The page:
First things first — you are awesome! Deciding to adopt an animal companion is a huge and admirable step.

The next step is finding the perfect animal friend for you. In some cases, adopters look online using tools like Petfinder and find the exact animal friend they’ve been searching for, or they enter their local animal shelter with a general idea in mind. No matter the method you use, we hope you’ll consider adopting a senior animal companion.

Similar to human adoptions, older animals tend to be overlooked. Don’t let their age fool you; senior animals have plenty to offer a loving family.

Save Time and Energy on Training

Training is usually not the most fun part of adopting an animal friend as it takes a lot of energy and trial and error. A benefit of choosing a mature animal companion is that they are more likely to have been trained by a previous family. Your preferences may differ from theirs, of course, which means there may be some adjustments. But you’ll still have the luxury of bringing them home without having to worry (as much) about potty accidents or finding them chewing on your favorite shoes.

Relax With Someone Who Fits Your Lifestyle

It’s crucial to find an animal friend who meshes well with your personality and lifestyle. You may not be looking to go jogging or play a rigorous game of catch together. If you’re more interested in a less energetic animal who loves cuddles, naps, and happily lying by your side as you read the latest MUTTS strip, an older animal may be perfect for you.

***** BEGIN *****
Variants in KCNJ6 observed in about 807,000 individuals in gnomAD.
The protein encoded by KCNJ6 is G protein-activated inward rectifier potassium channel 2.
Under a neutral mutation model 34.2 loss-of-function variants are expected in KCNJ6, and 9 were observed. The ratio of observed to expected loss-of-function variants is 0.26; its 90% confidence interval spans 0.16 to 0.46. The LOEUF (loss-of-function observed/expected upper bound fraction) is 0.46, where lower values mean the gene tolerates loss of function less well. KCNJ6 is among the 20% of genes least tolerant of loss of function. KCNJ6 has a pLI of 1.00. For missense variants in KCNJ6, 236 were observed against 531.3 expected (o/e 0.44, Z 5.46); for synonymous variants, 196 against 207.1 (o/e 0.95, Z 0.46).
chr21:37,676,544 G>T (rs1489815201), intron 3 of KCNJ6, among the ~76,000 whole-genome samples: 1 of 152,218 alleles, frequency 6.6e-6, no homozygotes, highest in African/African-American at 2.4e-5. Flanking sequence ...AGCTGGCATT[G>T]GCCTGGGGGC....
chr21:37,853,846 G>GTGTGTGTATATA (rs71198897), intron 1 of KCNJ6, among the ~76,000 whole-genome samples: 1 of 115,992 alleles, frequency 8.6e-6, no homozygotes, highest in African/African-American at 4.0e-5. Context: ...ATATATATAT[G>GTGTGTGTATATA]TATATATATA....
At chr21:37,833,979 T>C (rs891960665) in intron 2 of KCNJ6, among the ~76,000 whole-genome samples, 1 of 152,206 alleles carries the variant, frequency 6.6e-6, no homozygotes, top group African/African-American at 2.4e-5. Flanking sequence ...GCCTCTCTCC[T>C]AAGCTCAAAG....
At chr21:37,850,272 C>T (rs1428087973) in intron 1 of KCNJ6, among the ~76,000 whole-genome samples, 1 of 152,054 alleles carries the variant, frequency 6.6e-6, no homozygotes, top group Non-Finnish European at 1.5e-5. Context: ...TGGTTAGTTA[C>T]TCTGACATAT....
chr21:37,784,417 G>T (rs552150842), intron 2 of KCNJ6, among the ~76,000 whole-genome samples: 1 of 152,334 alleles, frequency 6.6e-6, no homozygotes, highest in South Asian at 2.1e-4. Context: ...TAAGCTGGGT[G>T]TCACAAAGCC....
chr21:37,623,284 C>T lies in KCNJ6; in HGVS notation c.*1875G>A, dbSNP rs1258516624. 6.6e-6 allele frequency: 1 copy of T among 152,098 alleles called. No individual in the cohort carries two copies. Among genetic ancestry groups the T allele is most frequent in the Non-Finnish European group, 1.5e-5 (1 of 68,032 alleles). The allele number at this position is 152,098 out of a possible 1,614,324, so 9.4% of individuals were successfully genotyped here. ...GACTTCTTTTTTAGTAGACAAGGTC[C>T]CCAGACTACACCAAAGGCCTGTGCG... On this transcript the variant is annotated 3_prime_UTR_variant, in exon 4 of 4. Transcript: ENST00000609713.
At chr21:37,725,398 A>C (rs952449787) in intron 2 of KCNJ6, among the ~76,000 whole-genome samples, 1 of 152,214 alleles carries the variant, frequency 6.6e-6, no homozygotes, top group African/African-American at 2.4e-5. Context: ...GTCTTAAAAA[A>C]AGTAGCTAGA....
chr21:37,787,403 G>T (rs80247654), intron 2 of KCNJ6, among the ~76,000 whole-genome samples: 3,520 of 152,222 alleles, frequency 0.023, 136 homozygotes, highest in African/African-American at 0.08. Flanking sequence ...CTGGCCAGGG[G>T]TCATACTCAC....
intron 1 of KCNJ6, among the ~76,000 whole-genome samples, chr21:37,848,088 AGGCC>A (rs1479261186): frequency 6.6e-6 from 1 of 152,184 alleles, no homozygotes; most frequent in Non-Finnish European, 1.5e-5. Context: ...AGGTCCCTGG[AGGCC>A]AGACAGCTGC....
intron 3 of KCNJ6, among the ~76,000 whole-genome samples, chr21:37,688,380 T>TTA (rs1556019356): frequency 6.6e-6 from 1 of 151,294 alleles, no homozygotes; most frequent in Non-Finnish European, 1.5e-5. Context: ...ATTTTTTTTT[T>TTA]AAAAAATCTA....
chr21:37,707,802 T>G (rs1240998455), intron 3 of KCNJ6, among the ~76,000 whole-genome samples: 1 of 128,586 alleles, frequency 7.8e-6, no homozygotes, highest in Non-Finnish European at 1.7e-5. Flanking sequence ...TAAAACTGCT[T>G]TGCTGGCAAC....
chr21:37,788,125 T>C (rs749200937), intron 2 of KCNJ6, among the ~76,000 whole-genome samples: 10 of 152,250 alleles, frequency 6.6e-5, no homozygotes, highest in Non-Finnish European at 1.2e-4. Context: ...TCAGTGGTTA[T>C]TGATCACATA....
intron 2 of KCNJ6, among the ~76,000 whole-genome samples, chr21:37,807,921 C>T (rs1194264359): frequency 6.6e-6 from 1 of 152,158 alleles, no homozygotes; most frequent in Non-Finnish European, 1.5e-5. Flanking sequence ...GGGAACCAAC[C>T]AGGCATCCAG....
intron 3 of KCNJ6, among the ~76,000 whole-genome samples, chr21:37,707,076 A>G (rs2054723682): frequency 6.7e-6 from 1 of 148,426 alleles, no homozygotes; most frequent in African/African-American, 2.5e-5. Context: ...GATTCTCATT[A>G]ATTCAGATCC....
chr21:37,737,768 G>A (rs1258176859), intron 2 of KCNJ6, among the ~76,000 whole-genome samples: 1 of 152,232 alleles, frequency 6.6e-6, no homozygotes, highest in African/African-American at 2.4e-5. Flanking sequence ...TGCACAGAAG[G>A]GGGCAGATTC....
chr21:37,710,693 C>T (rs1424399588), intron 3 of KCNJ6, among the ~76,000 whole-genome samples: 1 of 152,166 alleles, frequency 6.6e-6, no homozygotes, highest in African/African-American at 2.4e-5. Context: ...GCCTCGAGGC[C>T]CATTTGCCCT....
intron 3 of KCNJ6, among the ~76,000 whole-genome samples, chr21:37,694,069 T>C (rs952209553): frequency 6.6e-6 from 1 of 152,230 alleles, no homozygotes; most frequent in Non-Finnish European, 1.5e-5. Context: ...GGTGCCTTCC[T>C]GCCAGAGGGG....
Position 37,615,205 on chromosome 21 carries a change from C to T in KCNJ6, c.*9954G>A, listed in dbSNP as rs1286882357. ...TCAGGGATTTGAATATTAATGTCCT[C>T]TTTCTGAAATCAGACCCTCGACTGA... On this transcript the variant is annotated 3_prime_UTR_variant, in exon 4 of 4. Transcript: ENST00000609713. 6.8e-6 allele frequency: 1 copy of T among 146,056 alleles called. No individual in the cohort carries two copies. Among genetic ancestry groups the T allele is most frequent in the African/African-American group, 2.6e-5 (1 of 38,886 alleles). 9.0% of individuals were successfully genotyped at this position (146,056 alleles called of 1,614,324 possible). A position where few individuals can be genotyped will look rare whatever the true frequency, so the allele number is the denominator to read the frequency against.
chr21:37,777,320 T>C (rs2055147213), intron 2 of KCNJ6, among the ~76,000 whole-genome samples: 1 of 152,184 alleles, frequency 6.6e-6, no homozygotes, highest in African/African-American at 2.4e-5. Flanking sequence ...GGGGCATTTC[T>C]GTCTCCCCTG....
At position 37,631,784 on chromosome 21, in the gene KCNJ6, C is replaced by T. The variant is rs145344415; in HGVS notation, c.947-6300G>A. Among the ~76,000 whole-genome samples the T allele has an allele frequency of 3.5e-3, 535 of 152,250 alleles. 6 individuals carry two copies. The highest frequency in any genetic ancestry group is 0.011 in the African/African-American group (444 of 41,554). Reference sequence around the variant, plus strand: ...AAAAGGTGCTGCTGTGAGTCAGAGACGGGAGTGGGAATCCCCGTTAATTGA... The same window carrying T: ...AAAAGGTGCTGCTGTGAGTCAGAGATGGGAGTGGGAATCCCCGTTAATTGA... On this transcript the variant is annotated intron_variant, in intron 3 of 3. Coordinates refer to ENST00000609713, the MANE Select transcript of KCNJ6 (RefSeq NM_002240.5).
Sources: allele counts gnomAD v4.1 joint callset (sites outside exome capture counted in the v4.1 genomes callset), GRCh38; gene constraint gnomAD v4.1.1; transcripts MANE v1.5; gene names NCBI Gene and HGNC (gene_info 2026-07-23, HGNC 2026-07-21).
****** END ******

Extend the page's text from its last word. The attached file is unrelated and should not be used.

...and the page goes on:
Also, unlike a new puppy or kitten, an older animal is often more suited to be under less supervision; this is ideal if you would like to leave them free to roam while running errands.

Adopt a Senior Animal — and Save Their Life

Since senior animals are not typically the first choice for adopters, shelters become overcrowded with them. Sadly, that puts these animals at higher risk. By adopting a senior animal, you’ll be giving them another shot at a forever home and a chance to live a happy life for the rest of their days. These animals may be mature, but they are also valuable, loving, and compassionate. Don’t overlook them, and they’ll love you for life.


Comments (3)

My Doctor suggested I get a dog for companionship, as well as having a watchdog. I’ve thought an older dog would be better, so I (a Senior) would be in a better position in it’s training and for a new home.
I enjoy your comics so much, as there is so much “heart” in them.

Joan Payne

Hi, Joan! Thank you for your support, and we wish you well on finding an awesome senior dog!

Brittany Turner

We lost our golden a year and a half ago and our doodle last week. While we are still very much grieving, everyone asks if we will be getting a new dog. Funny-we never think to ask if they will be replacing their human companion right away after a death… Anyway, our response is always that we will know when it is time and our dog comes along. And then today here was this on my Facebook feed. Maybe Maverick and Puka think its time to share our love again??